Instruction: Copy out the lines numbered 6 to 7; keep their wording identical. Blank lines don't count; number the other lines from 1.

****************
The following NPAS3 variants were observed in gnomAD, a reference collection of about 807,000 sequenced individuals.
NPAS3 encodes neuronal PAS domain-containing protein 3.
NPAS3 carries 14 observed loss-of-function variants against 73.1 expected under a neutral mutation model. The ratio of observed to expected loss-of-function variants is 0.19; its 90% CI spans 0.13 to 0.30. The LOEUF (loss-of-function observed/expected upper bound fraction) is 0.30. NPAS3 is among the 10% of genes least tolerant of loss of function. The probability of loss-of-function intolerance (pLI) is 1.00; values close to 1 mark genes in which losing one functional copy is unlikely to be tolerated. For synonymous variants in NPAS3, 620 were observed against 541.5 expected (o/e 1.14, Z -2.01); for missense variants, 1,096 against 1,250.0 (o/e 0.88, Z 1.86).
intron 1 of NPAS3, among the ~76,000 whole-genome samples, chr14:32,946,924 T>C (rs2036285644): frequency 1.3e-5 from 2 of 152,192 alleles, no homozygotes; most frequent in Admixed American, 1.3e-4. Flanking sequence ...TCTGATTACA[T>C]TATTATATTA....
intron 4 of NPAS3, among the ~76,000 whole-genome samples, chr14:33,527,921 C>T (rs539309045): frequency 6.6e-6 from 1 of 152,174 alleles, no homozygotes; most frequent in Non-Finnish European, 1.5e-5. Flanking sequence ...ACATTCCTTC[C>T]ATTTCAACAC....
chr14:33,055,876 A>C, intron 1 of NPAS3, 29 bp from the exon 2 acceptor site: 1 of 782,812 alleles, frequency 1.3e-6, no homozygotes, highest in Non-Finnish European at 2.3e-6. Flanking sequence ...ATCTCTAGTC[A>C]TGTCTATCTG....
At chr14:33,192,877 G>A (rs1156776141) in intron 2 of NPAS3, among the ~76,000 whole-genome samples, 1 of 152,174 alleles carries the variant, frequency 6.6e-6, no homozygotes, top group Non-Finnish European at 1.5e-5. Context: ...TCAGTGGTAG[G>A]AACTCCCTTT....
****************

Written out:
chr14:33,055,876 A>C, intron 1 of NPAS3, 29 bp from the exon 2 acceptor site: 1 of 782,812 alleles, frequency 1.3e-6, no homozygotes, highest in Non-Finnish European at 2.3e-6. Flanking sequence ...ATCTCTAGTC[A>C]TGTCTATCTG....
At chr14:33,192,877 G>A (rs1156776141) in intron 2 of NPAS3, among the ~76,000 whole-genome samples, 1 of 152,174 alleles carries the variant, frequency 6.6e-6, no homozygotes, top group Non-Finnish European at 1.5e-5. Context: ...TCAGTGGTAG[G>A]AACTCCCTTT....